Megyn Kelly: The NRA is too powerful and our politicians are too weak

A rant befitting the occasion in that she’s all over the place and ultimately offers no solution. It sounds like she’s building to a “grab those guns” call to arms — no doubt that’s what she’d like to do — but she admits that’s impossible. There are too many in circulation. Most gun-control regulations wouldn’t have prevented the shooting anyway, she goes on to say, in which case why’s she grumbling about the NRA? She bemoans Congress slow-walking efforts to increase funding for mental health, then somehow ends up complaining about prayer in public schools being unconstitutional. What? She’s a mess. But so is everyone today who isn’t ideologically doctrinaire, I assume.

The direction we’re heading in trying to solve our national mass-shooter problem, I think, is towards greater surveillance of kooks. Greater surveillance is the trend in all facets of modern life. Why should this facet, where monitoring of certain people might save lives, be any different? The FBI said this morning that it didn’t act on Cruz’s “school shooter” YouTube comment from last year because it couldn’t identify him, but that seems hard to believe. He used his real name in leaving the comment; it couldn’t have been difficult to obtain his IP from Google. More likely, they flagged his comment in a database somewhere and then let it go on grounds that YouTube comment sections are degraded even by usual Internet standards. The site is a playground for cranks and very few of them are actually dangerous. If you want to chase every nut on YouTube on the off-chance that he might kill someone, you’d better be prepared to create a new, very large federal agency.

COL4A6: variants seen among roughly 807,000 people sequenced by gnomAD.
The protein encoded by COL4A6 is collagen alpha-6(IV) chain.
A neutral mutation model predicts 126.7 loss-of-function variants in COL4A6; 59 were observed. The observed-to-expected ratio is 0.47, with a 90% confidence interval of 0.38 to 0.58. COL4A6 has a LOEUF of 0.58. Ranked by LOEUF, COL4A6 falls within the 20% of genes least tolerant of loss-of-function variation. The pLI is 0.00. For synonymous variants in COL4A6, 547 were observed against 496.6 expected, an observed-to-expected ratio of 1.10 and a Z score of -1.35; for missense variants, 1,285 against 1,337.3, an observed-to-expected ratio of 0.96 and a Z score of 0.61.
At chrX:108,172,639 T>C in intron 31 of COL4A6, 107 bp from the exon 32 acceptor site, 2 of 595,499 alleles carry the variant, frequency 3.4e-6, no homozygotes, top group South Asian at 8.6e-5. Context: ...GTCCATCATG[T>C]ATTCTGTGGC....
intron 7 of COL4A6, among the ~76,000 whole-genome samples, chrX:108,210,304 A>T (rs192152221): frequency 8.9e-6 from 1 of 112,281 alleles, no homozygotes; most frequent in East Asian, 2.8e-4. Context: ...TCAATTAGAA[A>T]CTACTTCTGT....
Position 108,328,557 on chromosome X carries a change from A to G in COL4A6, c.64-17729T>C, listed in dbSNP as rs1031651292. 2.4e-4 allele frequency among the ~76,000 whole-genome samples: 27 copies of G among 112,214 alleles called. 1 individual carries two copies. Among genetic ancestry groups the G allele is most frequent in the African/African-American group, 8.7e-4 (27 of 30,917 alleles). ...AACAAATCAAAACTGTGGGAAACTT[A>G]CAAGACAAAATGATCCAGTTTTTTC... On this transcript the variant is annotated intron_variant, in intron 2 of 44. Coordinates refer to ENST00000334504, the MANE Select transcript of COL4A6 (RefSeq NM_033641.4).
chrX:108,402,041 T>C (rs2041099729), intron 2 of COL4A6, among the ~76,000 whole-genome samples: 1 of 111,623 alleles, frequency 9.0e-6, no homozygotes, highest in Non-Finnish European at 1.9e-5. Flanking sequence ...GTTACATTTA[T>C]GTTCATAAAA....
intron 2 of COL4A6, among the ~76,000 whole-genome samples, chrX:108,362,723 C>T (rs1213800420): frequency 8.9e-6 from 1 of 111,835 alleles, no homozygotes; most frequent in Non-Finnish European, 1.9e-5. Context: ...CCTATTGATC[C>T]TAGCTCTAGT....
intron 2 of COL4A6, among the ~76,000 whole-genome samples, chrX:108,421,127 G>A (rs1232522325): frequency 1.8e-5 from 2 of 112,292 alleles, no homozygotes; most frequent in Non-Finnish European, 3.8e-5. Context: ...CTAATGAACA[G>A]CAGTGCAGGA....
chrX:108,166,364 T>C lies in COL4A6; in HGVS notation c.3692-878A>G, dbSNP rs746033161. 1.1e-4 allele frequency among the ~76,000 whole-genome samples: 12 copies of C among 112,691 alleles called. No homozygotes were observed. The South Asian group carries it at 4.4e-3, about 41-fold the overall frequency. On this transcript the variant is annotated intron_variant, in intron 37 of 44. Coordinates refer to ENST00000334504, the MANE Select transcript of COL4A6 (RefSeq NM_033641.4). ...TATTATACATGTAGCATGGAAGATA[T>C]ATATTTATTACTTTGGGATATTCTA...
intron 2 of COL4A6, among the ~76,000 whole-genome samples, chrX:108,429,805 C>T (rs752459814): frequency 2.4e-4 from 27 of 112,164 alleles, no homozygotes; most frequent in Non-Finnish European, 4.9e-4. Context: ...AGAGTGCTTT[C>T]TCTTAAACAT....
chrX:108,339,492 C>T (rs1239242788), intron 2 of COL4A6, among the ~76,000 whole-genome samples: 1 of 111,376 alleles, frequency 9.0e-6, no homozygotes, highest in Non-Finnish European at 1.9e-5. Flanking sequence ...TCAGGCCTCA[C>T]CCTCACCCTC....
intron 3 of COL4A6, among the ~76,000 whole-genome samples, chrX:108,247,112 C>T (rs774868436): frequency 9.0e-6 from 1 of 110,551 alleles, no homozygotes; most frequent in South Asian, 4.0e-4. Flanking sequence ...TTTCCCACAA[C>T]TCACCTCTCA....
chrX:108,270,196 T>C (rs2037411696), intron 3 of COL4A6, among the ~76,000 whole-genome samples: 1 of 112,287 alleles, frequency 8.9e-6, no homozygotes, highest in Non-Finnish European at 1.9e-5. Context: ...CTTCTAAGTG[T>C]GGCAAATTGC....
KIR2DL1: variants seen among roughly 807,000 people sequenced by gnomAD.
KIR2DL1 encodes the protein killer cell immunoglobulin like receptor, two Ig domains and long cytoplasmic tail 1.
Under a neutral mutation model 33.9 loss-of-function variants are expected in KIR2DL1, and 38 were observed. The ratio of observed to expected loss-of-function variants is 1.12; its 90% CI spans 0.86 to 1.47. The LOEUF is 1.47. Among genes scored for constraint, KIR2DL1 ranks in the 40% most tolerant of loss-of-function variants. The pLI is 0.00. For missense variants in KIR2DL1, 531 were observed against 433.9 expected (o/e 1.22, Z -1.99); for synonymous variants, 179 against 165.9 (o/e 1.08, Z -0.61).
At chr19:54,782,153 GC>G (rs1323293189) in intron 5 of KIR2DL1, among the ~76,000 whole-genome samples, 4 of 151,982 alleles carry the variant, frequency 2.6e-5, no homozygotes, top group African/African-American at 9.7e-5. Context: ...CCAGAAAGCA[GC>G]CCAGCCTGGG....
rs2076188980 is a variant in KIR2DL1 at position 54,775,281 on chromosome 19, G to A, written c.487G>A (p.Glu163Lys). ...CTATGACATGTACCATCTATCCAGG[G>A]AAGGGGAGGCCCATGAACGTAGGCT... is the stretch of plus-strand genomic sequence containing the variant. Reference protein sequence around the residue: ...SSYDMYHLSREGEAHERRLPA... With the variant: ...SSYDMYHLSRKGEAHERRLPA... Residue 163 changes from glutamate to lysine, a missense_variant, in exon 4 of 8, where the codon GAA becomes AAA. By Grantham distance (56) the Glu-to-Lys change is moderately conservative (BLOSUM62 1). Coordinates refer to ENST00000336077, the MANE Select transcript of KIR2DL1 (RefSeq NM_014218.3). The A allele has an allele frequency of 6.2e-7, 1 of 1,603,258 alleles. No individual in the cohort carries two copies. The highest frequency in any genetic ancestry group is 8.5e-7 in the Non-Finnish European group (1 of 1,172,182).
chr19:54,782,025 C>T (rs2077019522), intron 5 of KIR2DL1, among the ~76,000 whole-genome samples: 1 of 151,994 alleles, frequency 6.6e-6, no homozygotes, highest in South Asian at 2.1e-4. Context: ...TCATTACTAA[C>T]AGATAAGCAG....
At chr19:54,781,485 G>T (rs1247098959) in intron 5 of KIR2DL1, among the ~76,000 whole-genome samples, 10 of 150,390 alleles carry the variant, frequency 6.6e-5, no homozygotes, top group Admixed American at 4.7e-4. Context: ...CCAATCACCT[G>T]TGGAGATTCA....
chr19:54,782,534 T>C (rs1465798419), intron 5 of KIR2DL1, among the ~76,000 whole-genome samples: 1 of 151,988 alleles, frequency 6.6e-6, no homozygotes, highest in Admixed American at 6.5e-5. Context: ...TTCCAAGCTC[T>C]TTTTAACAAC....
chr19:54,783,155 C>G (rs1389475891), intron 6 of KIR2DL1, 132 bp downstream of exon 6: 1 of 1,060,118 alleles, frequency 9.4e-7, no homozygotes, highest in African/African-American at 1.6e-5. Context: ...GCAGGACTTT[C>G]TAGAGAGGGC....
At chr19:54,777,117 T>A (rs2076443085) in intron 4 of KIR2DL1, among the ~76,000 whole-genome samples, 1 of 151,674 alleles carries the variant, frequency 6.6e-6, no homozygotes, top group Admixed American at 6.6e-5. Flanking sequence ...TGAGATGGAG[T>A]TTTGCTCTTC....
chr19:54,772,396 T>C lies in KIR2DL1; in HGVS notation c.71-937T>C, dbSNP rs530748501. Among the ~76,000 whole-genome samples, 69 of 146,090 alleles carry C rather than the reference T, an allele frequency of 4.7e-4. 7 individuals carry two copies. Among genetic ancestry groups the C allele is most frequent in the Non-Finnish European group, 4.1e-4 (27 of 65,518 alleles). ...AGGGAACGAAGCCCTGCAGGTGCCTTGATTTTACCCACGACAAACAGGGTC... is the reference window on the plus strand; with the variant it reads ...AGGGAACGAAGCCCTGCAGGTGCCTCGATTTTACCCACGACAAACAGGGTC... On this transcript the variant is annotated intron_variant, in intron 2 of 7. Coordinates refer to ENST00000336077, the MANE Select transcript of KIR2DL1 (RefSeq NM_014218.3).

But what if you didn’t have to chase every nut? What if law enforcement had an NSA-style database of the public that synthesized information across public and private platforms and then used algorithms to identify which ones were (probably) dangerous? What’s noteworthy about Cruz isn’t that he left a clue on YouTube, it’s that he left lots of clues everywhere: